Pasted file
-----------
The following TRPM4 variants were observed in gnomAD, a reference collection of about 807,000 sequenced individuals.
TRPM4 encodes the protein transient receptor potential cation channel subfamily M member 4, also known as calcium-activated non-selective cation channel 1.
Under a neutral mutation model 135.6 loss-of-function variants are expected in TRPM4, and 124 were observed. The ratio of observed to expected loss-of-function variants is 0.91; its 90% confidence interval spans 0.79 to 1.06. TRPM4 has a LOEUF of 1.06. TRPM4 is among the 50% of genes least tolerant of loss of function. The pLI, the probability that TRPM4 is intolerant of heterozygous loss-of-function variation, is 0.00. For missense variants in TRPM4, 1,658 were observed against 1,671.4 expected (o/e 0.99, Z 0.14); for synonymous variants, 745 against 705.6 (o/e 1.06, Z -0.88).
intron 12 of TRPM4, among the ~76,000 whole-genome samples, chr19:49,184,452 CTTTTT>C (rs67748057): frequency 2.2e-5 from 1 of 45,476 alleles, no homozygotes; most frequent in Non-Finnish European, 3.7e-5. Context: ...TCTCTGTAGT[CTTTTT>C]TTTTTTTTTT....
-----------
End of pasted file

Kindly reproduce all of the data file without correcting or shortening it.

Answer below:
The following TRPM4 variants were observed in gnomAD, a reference collection of about 807,000 sequenced individuals.
TRPM4 encodes the protein transient receptor potential cation channel subfamily M member 4, also known as calcium-activated non-selective cation channel 1.
Under a neutral mutation model 135.6 loss-of-function variants are expected in TRPM4, and 124 were observed. The ratio of observed to expected loss-of-function variants is 0.91; its 90% confidence interval spans 0.79 to 1.06. TRPM4 has a LOEUF of 1.06. TRPM4 is among the 50% of genes least tolerant of loss of function. The pLI, the probability that TRPM4 is intolerant of heterozygous loss-of-function variation, is 0.00. For missense variants in TRPM4, 1,658 were observed against 1,671.4 expected (o/e 0.99, Z 0.14); for synonymous variants, 745 against 705.6 (o/e 1.06, Z -0.88).
intron 12 of TRPM4, among the ~76,000 whole-genome samples, chr19:49,184,452 CTTTTT>C (rs67748057): frequency 2.2e-5 from 1 of 45,476 alleles, no homozygotes; most frequent in Non-Finnish European, 3.7e-5. Context: ...TCTCTGTAGT[CTTTTT>C]TTTTTTTTTT....